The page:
Course syllabus

Tree of Life Bus

ENGLISH 700: PACIFIC POETRY

 

SEMESTER 1, 2019
Course Information

Kia ora, Talofa lava, Malo e lelei,  Ni sa bula vinaka, Namaste,  Kia orana, Taloha ni,

Ia orana, Fakaalofa lahi atu, 'Alii, Malo ni, Halo Olaketa, Mauri, Aloha mai e and

warm Pacific Greetings.

  • Course Coordinator, Teacher, Tutor 
  • Assoc. Prof. Selina Tusitala Marsh s.marsh@auckland.ac.nz
  • Course delivery format
  • 3 hours of lectures, discussions, field trips

(Timetable and room details can be viewed on Student Services Online)

 

Prescribed Texts/Viewings:

Poetry on the Page

  •  Mauri Ola: Contemporary Polynesian Poets in English, eds, Albert Wendt, Reina Whaitiri and Robert Sullivan (Auckland: AUP, 2010).
  • Puna Wai Korero: An Anthology of Maori Poetry in English, eds, Reina Whaitiri and Robert Sullivan (Auckland: AUP, 2014).

Poetry on the Stage

Wild Dogs Under My Skirt (Auckland Arts Festival, Writer: Tusiata Avia,
Director: Anapela Polata'ivao), class attendance: Friday 8th March, 7-8.15pm.  Please see website to obtain tickets.  If you are unable to make this viewing in Week 1, there are other show times available, check it out:

https://www.eventfinda.co.nz/2019/aaf-wild-dogs-under-my-skirt/auckland#when

Poetry on the Staged Page

History Project English by Kathy Jetnil-Kijiner (Graphic Novel - see under Files)

 

Summary of Course Description              

Pacific Poetry holds the poetry and scholarship of Pacific peoples at its centre. Through the study of two major anthologies of Māori and Pacific writing, this course will:

 

  • Define and critically contextualize key terminology: ‘Indigenous’, ‘Oceanic’, ‘Pacific’, ‘Oceanic feminist’ ‘trans-indigenous’, ‘trans-cultural’, ‘Rhetorical Sovereignty’, ‘Aesthetic Sovereignty’ , ‘Diaspora’, ‘Identity Politics’, ‘Culture’, ‘Pacific Epistemology’, ‘Literary Decolonisation’, ‘Bi-languaging’.
  • Build upon key postcolonial concepts covered in ENGLISH 112 (Global Literatures), ENGLISH 204 (Pacific Literature) and compliment ENGLISH 702 (formerly ENGLISH 786 Postcolonial Literature). 
  • Identify key working metaphors in a select group of poets’ work and transform that metaphor into an aesthetic framework through which to read the work in order to reposition literary criticism from its Eurocentric bases and bias and address an Indigenous audience and readership.
  • Consider the politics of insider/outsider critical positioning.
  • Consider the role literature plays in reconfiguring the nature of cultural identities in the Pacific, especially literary challenges to colonial representations of identity in the Pacific.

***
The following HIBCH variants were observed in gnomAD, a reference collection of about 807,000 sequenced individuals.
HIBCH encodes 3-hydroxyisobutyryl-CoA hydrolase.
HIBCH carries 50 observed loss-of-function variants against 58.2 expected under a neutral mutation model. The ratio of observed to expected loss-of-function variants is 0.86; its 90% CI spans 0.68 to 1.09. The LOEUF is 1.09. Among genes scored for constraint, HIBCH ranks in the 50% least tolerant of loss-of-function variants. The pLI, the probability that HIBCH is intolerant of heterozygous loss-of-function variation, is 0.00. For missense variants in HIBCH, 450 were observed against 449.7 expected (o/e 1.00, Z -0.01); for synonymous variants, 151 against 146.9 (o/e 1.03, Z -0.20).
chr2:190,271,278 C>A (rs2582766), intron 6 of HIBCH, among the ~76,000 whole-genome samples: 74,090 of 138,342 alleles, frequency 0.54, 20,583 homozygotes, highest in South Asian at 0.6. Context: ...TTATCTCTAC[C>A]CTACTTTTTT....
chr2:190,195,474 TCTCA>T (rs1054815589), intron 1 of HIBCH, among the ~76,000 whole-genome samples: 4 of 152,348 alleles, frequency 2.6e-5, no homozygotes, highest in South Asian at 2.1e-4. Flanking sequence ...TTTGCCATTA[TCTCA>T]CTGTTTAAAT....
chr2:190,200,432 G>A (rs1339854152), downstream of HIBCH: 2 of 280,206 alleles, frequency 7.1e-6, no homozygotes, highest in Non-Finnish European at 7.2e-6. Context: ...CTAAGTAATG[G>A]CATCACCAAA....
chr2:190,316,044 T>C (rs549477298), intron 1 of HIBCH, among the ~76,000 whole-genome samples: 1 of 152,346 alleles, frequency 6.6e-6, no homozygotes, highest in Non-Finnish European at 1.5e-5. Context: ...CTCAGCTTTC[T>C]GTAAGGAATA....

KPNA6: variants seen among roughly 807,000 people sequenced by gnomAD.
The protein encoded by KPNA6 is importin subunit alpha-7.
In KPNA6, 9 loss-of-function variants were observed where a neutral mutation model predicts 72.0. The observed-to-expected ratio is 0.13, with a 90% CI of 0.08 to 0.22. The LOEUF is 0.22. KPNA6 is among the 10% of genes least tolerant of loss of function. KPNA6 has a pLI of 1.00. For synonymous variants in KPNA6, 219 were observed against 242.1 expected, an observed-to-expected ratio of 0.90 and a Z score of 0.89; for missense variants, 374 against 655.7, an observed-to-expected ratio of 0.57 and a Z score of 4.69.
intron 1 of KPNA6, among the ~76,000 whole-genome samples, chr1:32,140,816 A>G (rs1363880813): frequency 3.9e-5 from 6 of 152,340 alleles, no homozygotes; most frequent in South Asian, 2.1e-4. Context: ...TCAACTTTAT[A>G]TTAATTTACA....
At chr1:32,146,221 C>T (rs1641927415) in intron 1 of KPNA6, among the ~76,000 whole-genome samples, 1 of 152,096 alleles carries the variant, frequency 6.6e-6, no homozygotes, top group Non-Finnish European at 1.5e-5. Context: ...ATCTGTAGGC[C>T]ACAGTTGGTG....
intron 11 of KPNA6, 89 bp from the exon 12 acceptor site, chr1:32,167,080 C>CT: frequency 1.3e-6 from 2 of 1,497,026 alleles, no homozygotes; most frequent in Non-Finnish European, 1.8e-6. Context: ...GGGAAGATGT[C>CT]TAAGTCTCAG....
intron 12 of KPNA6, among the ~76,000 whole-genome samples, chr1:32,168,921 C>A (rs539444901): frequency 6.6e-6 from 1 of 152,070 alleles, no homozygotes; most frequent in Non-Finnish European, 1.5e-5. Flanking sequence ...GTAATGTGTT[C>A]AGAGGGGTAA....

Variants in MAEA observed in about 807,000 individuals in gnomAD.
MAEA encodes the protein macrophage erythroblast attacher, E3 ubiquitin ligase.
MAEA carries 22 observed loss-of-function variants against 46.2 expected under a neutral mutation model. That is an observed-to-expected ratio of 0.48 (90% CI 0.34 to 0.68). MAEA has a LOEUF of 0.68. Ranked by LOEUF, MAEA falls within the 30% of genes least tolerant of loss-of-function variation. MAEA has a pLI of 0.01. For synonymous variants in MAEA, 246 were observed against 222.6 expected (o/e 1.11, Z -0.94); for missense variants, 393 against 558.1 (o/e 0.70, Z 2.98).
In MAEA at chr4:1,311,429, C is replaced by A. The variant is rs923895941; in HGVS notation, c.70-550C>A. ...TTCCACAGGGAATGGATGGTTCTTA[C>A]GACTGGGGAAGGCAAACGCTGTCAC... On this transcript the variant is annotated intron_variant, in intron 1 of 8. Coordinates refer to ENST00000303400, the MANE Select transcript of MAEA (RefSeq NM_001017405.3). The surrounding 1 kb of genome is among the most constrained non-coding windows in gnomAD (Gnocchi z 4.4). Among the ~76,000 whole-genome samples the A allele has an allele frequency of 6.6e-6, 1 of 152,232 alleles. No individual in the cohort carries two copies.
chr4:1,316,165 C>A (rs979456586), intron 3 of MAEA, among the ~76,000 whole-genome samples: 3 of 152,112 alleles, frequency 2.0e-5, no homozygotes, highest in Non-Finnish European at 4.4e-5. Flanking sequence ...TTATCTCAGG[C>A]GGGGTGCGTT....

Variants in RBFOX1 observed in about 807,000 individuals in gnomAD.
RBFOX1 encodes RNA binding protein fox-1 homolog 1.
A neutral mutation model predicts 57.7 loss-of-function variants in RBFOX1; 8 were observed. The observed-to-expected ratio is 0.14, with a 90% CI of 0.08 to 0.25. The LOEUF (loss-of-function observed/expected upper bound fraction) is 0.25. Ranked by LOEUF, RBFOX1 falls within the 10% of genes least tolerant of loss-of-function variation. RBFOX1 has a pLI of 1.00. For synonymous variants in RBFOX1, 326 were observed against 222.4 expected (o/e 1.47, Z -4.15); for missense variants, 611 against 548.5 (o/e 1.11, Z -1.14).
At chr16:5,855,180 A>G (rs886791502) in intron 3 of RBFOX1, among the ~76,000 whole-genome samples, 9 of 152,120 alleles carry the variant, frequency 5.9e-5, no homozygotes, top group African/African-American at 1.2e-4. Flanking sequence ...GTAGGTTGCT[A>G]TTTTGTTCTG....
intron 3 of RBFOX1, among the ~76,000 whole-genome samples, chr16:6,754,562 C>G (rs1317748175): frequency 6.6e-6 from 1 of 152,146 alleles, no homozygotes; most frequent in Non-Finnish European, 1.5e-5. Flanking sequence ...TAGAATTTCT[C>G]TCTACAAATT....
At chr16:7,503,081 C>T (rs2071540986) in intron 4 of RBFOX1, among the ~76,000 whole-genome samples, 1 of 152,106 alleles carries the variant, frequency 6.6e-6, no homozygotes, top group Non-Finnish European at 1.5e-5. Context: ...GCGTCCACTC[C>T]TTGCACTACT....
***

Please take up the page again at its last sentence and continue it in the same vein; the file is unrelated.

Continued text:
• Articulate the social, cultural, political and historical contexts of different genres within Pacific poetry and the central arguments surrounding its critical appreciation.
  • Close read a poem by identifying key literary and aesthetic techniques according to both indigenous and western literary traditions. 
  • Practice the Samoan concept of ‘Teu le Va’ by ‘adorning the space’ between poetry and people.     
  • This is a text-based class. The anthologies are used as a springboard from which to examine poet’s other works and collections. Timely field trips will extend the learning environment (pertinent Art Gallery exhibitions/poetry readings/community events).

 

Course Assessment

Assessment

Mark Out Of

Weighting

Words

Due Date

ANALYSIS

20

20%

2,000

15/04/19

SEMINAR

20

20%

500

03/05/19

ESSAY

60

60%

7,000

10/06/19

 

Course outcomes

By the end of this course you will be able to:

 

  • Identify key critical issues and scholarly works in the field of Indigenous and Oceanic Literary Studies.
  • Identify key postcolonial concepts relevant to the production and reception of Pacific Literature.
  • Identify instances of Indigenous Literary criticism and employ culturally-specific aesthetics and critical tools of literary appreciation.
  • Examine texts within an Indigenous and Oceanic feminist context.
  • Discuss the role literature plays in reconfiguring the nature of cultural identities in the Pacific, especially literary challenges to colonial representations of identity in the Pacific.
  • Articulate the social, cultural, political and historical contexts of different genres within Pacific poetry and the central arguments surrounding its critical appreciation.
  • Close read a poem by identifying key literary and aesthetic techniques according to both indigenous and western literary traditions.
  • Discuss the politics of publication and anthologizing in the Pacific.
  • Gain a nuanced understanding of the current states of de/colonisation in the Pacific from the perspective of its literature.
  • Consider the politics of insider/outsider critical positioning.

 

 

Course summary:

Date Details